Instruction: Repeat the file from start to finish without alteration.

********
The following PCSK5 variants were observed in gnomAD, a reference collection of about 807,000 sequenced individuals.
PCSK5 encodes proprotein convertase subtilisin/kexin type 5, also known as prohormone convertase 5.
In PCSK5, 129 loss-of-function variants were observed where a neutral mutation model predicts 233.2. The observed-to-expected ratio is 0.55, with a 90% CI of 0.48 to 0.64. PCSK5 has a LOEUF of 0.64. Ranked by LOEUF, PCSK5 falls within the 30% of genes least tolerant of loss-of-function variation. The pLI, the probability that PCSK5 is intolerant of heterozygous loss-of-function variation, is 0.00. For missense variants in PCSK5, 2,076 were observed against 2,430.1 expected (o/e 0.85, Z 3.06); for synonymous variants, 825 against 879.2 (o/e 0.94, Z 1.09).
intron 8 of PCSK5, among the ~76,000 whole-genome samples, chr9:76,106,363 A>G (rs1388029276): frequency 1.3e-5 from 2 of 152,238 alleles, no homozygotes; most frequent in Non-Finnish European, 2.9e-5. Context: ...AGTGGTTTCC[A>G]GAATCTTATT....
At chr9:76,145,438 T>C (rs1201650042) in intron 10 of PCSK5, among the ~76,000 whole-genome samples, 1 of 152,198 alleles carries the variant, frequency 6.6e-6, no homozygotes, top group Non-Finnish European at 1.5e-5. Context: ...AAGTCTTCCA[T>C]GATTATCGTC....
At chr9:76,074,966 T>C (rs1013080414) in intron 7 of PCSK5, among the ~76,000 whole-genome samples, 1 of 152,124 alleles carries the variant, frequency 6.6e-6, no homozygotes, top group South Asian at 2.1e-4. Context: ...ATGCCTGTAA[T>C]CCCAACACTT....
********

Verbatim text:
The following PCSK5 variants were observed in gnomAD, a reference collection of about 807,000 sequenced individuals.
PCSK5 encodes proprotein convertase subtilisin/kexin type 5, also known as prohormone convertase 5.
In PCSK5, 129 loss-of-function variants were observed where a neutral mutation model predicts 233.2. The observed-to-expected ratio is 0.55, with a 90% CI of 0.48 to 0.64. PCSK5 has a LOEUF of 0.64. Ranked by LOEUF, PCSK5 falls within the 30% of genes least tolerant of loss-of-function variation. The pLI, the probability that PCSK5 is intolerant of heterozygous loss-of-function variation, is 0.00. For missense variants in PCSK5, 2,076 were observed against 2,430.1 expected (o/e 0.85, Z 3.06); for synonymous variants, 825 against 879.2 (o/e 0.94, Z 1.09).
intron 8 of PCSK5, among the ~76,000 whole-genome samples, chr9:76,106,363 A>G (rs1388029276): frequency 1.3e-5 from 2 of 152,238 alleles, no homozygotes; most frequent in Non-Finnish European, 2.9e-5. Context: ...AGTGGTTTCC[A>G]GAATCTTATT....
At chr9:76,145,438 T>C (rs1201650042) in intron 10 of PCSK5, among the ~76,000 whole-genome samples, 1 of 152,198 alleles carries the variant, frequency 6.6e-6, no homozygotes, top group Non-Finnish European at 1.5e-5. Context: ...AAGTCTTCCA[T>C]GATTATCGTC....
At chr9:76,074,966 T>C (rs1013080414) in intron 7 of PCSK5, among the ~76,000 whole-genome samples, 1 of 152,124 alleles carries the variant, frequency 6.6e-6, no homozygotes, top group South Asian at 2.1e-4. Context: ...ATGCCTGTAA[T>C]CCCAACACTT....